LONDON - Prime Minister David Cameron has raised the prospect of a possible referendum on Britain's future relationship with the European Union, potentially threatening trade with the bloc and opening up another front against the Conservatives' coalition partner.
Britain has had a long and painful history of infighting and changes of heart over how closely to integrate with the EU ever since it joined its precursor four decades ago.
It has often proven divisive both within and among Britain's main political parties as well as the public.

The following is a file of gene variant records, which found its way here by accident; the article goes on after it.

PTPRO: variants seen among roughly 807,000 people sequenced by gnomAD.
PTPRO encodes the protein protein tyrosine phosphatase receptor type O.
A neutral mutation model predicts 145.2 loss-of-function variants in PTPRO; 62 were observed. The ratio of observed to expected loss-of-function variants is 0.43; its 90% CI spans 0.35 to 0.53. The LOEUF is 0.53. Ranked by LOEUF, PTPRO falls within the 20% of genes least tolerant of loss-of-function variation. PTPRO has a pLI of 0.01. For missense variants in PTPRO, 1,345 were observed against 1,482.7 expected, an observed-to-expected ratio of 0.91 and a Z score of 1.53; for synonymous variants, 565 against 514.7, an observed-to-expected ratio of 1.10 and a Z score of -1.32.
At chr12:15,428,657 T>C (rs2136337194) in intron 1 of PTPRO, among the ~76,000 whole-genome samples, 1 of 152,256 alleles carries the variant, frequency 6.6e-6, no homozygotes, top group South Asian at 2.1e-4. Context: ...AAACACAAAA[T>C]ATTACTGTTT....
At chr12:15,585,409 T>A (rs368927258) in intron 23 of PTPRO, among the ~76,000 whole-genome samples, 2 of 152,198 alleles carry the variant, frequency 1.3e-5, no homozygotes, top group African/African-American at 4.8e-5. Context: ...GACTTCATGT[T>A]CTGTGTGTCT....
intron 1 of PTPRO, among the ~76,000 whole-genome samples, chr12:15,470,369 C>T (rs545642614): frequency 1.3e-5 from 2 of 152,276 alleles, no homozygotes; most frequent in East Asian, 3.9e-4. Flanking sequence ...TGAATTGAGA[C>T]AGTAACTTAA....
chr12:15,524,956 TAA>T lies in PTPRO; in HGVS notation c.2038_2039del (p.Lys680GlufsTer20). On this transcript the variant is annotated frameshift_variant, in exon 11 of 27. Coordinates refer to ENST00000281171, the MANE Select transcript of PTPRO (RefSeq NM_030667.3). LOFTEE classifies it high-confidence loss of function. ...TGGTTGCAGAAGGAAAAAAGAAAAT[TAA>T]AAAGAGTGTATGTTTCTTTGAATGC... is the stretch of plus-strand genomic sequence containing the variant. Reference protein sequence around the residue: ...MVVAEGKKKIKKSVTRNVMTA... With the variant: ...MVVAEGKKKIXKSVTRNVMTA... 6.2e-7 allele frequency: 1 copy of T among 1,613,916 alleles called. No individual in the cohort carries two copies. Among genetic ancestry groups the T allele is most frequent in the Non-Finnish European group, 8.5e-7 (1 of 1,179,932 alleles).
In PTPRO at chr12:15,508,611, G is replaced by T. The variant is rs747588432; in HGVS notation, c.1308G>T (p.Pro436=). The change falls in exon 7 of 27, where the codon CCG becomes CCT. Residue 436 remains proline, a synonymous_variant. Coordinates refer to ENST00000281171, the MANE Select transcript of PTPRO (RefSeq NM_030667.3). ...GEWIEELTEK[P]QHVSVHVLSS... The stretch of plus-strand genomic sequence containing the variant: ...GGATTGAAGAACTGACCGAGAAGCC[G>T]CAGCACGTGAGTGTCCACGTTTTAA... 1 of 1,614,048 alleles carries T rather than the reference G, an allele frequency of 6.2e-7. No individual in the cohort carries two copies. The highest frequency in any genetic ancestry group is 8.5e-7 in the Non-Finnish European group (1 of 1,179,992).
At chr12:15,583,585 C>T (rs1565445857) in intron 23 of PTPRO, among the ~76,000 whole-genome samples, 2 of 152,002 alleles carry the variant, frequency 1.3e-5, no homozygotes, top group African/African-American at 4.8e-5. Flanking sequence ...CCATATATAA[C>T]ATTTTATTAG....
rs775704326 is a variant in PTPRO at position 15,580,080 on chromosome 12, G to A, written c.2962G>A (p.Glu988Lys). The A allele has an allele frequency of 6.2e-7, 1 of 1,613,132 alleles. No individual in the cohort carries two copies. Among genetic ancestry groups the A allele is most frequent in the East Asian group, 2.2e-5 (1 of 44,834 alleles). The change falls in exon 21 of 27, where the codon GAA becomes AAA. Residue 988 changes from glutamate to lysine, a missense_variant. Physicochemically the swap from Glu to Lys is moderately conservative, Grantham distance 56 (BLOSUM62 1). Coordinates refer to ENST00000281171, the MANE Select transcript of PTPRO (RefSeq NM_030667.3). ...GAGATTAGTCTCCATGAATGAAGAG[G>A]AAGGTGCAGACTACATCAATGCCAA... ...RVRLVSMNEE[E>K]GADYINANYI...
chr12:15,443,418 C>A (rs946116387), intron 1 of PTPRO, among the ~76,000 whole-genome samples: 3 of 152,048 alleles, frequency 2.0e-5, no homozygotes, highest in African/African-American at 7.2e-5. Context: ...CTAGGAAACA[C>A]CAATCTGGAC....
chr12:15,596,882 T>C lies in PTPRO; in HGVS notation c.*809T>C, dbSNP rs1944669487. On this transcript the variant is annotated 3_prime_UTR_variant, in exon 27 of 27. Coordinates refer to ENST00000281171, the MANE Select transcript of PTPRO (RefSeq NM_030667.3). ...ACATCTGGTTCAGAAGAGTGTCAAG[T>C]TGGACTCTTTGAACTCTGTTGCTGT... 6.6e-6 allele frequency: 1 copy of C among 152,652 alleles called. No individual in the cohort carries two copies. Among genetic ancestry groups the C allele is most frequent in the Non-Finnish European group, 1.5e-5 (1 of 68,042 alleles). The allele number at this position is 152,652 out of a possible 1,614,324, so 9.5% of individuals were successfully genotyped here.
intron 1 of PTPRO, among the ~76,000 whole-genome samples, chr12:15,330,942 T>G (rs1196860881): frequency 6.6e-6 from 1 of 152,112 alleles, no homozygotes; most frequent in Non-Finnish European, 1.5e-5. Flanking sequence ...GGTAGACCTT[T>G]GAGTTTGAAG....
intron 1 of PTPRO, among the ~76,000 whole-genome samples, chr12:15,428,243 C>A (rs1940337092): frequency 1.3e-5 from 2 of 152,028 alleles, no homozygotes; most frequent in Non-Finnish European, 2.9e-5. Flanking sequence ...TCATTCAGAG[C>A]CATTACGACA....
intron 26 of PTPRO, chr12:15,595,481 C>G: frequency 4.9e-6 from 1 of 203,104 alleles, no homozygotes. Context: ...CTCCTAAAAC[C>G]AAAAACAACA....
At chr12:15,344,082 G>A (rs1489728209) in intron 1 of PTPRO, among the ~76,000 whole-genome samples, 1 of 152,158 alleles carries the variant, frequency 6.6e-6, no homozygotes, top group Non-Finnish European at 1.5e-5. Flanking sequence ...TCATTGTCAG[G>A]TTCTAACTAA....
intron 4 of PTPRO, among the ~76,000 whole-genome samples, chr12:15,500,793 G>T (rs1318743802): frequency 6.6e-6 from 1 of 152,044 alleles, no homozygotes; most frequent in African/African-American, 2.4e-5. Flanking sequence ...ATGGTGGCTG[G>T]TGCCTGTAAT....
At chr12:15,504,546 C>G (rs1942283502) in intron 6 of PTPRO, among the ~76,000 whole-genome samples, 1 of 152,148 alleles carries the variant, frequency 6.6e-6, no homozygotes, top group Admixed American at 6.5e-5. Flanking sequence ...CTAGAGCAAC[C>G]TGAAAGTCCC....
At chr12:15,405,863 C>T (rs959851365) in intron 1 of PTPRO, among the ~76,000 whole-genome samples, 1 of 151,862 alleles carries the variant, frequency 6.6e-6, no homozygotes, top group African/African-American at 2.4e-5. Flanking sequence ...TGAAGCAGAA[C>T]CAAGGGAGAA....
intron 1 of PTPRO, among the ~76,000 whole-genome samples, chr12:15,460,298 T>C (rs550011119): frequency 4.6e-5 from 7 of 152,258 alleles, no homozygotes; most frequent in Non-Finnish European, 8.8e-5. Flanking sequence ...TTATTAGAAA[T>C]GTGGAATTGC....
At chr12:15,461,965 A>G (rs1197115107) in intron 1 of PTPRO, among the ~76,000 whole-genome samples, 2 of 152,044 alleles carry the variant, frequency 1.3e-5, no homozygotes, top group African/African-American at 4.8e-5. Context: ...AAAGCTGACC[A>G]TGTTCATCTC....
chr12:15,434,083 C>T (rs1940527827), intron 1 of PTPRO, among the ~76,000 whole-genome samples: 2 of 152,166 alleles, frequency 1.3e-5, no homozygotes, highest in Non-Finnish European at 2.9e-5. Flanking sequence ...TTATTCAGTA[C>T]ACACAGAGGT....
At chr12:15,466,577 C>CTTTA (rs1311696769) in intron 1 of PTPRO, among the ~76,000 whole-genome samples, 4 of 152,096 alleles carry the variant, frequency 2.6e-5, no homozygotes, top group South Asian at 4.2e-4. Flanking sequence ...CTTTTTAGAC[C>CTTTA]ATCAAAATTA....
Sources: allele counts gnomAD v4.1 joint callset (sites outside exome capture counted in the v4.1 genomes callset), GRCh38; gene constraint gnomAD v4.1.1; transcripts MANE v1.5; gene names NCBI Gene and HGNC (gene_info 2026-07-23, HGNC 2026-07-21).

Fears over closer fiscal union in the single currency bloc in response to the euro zone debt crisis has heightened concerns among backbenchers, especially among the euroskeptics on the right of the Conservative Party and the electorate.
Polls suggest that if given a chance, voters would opt out of the EU.
Cameron, writing in the Sunday Telegraph
, said he believed the "vast majority of the British people," like him, wanted to make changes to Britain's current relationship.
Jerusalem Post Annual Conference. Buy it now, Special offer. Come meet Israel's top leaders